Climate change and the war in Ukraine are set to keep food prices at far higher levels than before the Covid-19 pandemic, despite signs of moderation in global commodity markets, economists and agriculture experts have warned.
Wholesale food prices have stabilized over recent months, raising hopes that the surge in the retail cost of staples such as rice, bread and milk seen in the past two years will diminish in 2023.
The latest update of the food price index of internationally traded agricultural commodities, compiled by the UN Food and Agricultural Organization (FAO), published on Friday, posted its eighth consecutive monthly decline in November since peaking in March. The November index showed prices were just 0.3 per cent higher than a year earlier.
However, the stabilization in international markets is yet to translate into lower inflation for households around the world.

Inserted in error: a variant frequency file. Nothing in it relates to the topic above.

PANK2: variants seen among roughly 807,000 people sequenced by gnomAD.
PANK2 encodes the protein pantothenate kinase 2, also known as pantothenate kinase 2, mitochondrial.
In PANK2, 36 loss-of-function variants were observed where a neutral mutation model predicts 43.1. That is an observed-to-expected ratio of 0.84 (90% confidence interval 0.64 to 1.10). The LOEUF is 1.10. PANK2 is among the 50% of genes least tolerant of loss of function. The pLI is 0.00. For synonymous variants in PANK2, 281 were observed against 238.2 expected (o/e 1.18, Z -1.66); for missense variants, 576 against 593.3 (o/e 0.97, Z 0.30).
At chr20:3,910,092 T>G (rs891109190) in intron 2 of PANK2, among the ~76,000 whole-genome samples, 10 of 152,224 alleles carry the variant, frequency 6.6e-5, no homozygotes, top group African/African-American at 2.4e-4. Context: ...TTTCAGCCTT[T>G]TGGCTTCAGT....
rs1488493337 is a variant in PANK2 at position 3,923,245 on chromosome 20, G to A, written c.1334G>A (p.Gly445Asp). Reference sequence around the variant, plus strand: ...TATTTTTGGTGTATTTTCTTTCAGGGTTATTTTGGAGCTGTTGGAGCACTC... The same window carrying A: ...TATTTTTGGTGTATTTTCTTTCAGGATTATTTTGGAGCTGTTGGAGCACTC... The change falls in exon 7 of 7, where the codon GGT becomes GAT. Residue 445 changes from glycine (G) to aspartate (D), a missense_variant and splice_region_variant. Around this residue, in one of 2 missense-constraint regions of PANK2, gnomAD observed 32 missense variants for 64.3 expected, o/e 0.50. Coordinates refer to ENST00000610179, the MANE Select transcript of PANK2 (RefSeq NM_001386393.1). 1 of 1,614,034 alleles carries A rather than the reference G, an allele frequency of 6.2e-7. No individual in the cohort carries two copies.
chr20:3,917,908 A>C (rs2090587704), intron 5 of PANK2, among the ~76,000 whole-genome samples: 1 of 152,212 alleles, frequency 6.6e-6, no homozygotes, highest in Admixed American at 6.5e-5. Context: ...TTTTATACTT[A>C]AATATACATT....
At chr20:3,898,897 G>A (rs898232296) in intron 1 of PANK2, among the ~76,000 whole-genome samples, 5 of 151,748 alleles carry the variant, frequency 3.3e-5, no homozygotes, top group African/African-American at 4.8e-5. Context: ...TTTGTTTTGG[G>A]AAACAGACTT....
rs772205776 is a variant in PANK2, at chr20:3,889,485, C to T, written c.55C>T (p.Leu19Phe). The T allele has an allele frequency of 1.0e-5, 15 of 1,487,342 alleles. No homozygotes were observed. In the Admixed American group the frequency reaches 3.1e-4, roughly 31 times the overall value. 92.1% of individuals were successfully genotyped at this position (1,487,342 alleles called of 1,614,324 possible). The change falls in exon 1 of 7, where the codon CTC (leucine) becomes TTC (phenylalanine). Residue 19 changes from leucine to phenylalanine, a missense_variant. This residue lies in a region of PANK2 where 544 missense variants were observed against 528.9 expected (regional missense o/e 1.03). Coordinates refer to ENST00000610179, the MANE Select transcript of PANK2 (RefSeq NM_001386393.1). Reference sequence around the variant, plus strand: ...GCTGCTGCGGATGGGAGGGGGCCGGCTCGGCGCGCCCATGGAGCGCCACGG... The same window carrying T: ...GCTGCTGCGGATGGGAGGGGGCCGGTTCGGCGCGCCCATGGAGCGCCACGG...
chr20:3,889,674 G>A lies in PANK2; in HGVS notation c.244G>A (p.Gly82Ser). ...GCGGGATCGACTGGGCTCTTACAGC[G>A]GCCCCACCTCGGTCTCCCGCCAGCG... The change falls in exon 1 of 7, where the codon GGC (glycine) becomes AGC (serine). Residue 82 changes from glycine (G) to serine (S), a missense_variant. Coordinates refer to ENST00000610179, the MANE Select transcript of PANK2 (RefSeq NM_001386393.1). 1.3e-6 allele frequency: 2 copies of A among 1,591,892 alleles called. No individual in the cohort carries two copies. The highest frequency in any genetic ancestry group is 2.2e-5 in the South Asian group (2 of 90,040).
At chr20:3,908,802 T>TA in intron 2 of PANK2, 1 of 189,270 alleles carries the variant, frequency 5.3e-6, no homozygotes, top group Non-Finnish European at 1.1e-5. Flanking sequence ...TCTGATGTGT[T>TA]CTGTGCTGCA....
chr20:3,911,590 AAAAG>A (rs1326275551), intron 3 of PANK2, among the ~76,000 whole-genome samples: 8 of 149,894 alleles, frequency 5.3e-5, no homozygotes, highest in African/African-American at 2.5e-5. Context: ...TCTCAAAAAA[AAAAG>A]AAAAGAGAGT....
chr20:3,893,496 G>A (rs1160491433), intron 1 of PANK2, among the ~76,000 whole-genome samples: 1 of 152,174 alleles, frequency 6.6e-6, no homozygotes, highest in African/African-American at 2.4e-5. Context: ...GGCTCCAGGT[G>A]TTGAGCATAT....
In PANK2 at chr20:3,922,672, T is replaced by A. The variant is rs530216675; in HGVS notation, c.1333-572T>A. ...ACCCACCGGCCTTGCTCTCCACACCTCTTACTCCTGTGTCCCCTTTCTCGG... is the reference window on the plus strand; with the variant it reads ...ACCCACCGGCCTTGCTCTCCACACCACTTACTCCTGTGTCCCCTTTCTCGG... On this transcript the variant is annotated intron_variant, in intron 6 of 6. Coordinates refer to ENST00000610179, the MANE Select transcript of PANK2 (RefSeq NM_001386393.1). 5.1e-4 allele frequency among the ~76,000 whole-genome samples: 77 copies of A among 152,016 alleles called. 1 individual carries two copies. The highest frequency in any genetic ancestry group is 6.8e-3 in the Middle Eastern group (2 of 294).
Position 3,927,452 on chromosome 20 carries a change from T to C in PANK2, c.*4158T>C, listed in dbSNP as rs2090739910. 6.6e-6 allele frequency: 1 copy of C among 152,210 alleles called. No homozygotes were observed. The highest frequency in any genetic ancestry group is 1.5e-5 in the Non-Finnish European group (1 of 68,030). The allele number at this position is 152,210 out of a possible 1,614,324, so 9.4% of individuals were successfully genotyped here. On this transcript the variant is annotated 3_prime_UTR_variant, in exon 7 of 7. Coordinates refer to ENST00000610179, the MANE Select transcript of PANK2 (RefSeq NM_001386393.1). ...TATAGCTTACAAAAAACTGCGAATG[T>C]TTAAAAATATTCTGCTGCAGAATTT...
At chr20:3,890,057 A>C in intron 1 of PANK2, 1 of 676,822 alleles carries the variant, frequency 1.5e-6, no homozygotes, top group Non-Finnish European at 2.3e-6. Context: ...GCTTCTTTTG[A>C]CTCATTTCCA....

Even if this does happen over time, costs are likely to remain well above pre-pandemic levels as the war and weather events limit producers’ ability to take advantage of higher prices by increasing supply.
“Normally the cure for high prices is high prices,” said Carlos Mera, senior analyst at Rabobank. “We do see a weakness in demand, but production has not been very elastic.”
After several years of bumper crops thanks to favorable weather conditions, grain prices firmed up during the pandemic because of hoarding by consumers, companies and governments. Even before Russia’s February invasion of Ukraine, which caused prices to spike because of the importance of both countries